The victory of the tobacco lobby

While we are still enjoying in Malta the soap opera over John Dalli’s forced resignation as EU health commissioner, the members of the European Parliament bowed to intense tobacco industry lobbing and scaled back ambitious proposals to restrict the sale and promotion of cigarettes across Europe. Tonio Borg, the current EU health commissioner had said back in November 2012 that his “number one priority” is to see the tobacco products directive swiftly implemented. We can now witness the total failure of its implementation.

MEPs rejected proposals to ban so called ‘slim’ cigarettes that are particularly attractive to young smokers and also voted to phase out menthol cigarettes over eight years rather than three. Plans to increase the combined picture and health warnings on cigarette packs to 75 per cent have been shelved.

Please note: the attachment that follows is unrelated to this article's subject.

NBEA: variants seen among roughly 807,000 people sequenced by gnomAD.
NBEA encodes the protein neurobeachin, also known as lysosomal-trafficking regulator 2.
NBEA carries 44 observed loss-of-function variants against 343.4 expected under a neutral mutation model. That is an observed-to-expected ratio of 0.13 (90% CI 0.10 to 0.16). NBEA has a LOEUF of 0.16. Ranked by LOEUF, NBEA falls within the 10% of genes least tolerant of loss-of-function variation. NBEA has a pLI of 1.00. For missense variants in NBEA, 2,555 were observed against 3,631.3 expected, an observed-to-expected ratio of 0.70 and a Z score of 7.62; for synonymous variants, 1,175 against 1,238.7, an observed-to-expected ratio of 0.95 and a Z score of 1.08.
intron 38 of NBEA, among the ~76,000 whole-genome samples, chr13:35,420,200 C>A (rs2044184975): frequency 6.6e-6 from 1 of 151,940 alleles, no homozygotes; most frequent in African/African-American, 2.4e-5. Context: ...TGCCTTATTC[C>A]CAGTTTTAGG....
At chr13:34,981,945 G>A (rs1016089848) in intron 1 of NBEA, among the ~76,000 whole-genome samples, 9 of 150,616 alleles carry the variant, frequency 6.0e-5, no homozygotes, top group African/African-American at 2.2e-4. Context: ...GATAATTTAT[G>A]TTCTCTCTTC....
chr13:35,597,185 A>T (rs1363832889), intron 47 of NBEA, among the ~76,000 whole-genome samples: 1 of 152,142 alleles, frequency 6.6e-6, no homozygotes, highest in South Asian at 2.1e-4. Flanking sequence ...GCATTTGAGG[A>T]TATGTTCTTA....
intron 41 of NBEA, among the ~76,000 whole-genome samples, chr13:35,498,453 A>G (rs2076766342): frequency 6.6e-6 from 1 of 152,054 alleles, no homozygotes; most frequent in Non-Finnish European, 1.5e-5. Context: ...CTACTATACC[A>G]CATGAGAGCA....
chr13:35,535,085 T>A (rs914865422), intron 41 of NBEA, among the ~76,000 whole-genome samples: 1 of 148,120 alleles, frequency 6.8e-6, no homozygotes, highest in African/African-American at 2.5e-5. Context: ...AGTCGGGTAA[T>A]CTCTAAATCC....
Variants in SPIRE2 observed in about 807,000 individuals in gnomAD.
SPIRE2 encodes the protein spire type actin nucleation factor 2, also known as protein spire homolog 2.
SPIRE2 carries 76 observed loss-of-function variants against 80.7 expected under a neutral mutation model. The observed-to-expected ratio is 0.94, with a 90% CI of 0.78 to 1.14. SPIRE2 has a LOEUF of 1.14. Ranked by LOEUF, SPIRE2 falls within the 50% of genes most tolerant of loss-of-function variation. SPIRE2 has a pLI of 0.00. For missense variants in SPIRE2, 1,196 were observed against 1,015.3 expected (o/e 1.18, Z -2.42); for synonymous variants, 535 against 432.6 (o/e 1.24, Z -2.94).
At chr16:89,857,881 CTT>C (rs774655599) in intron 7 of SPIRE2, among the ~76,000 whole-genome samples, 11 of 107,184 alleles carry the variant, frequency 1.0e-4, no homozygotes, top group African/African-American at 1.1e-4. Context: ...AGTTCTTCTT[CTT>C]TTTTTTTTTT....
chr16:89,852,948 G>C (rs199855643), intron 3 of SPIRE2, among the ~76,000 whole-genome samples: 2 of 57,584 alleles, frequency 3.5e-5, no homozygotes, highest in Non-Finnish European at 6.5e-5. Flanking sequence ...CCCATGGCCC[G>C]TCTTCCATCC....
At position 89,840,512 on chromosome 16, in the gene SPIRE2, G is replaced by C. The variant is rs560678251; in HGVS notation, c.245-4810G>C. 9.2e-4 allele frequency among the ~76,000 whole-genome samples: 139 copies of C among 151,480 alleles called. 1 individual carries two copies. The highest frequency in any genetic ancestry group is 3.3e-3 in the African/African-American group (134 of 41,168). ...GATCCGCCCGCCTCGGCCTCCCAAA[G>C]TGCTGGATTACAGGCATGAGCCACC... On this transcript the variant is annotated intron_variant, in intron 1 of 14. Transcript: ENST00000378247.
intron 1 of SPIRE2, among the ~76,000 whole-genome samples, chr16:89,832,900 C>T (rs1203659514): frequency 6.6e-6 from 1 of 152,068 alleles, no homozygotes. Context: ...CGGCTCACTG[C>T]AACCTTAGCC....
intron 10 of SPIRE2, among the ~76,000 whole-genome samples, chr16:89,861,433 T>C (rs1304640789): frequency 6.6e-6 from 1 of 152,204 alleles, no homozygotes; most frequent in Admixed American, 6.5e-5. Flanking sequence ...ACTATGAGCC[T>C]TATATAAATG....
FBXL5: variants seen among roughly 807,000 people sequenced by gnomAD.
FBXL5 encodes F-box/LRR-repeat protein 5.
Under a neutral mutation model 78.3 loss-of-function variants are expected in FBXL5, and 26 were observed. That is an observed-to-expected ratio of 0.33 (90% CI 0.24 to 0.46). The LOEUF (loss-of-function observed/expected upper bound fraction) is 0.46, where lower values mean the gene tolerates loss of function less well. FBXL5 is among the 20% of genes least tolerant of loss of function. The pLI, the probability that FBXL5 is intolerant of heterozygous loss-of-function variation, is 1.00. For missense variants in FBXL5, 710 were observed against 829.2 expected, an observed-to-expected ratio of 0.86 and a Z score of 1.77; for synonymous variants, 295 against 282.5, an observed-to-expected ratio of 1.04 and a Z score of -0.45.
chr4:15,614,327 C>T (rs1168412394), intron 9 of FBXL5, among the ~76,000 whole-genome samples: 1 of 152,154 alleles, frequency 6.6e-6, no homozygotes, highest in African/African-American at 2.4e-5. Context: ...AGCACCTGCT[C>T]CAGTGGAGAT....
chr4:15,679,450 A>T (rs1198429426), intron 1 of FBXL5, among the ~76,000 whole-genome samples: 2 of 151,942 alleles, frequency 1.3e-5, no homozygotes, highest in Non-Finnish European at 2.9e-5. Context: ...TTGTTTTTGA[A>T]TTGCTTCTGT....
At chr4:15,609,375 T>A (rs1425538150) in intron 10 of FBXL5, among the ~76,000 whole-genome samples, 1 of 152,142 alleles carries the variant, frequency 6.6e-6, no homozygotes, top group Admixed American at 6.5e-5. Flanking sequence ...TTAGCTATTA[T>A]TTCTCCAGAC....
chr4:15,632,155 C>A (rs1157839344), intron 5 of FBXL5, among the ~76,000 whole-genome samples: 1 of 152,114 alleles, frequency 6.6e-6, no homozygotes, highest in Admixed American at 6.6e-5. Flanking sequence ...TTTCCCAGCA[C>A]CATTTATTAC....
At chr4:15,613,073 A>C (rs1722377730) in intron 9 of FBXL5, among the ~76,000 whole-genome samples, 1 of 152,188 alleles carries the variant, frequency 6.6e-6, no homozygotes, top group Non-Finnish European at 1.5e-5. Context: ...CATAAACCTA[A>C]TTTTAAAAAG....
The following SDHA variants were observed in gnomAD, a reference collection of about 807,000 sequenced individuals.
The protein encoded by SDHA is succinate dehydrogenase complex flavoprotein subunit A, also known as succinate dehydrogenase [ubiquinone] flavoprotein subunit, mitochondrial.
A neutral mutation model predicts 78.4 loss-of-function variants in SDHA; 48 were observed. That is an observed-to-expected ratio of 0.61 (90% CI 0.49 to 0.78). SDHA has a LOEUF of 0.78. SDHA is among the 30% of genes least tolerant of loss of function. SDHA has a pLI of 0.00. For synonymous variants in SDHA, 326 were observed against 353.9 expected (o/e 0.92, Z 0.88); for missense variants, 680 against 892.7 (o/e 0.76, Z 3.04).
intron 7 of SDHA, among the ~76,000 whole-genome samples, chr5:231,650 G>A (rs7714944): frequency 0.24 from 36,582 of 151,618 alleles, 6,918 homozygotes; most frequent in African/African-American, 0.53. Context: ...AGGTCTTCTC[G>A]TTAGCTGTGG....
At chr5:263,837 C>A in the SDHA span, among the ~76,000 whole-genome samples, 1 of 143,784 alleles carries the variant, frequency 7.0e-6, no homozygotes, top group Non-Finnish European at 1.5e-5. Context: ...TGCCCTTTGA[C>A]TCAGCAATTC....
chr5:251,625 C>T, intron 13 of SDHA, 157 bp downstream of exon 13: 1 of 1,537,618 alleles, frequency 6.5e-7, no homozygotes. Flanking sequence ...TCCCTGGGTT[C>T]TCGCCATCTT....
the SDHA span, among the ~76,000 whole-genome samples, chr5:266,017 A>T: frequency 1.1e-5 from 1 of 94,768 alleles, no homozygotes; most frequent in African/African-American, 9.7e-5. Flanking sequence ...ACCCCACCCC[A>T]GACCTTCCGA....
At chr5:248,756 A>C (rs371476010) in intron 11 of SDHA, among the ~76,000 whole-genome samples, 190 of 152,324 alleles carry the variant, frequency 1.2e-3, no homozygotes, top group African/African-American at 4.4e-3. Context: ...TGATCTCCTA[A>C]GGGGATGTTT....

The moves will be seen as a victory for the tobacco industry which has spent over €1 million lobbying MEPs to reject the more stringent safety proposals agreed by European governments.

This is a shameful day for the European Parliament, as a centre-right majority has done the bidding of the tobacco industry and voted for weaker rules, which are totally at odds with citizens’ interests and public health.

The only real victors are tobacco firms, whose aggressive and expensive lobbying campaigns have paid off.

Philip Morris International, the makers of Marlboro, spent €1.2 million wooing MEPs to water down safety proposals.

Tobacco kills as many as 695,000 people a year in the EU, or one person every 45 seconds, according to the commission, which says a third of Europeans still smoke.

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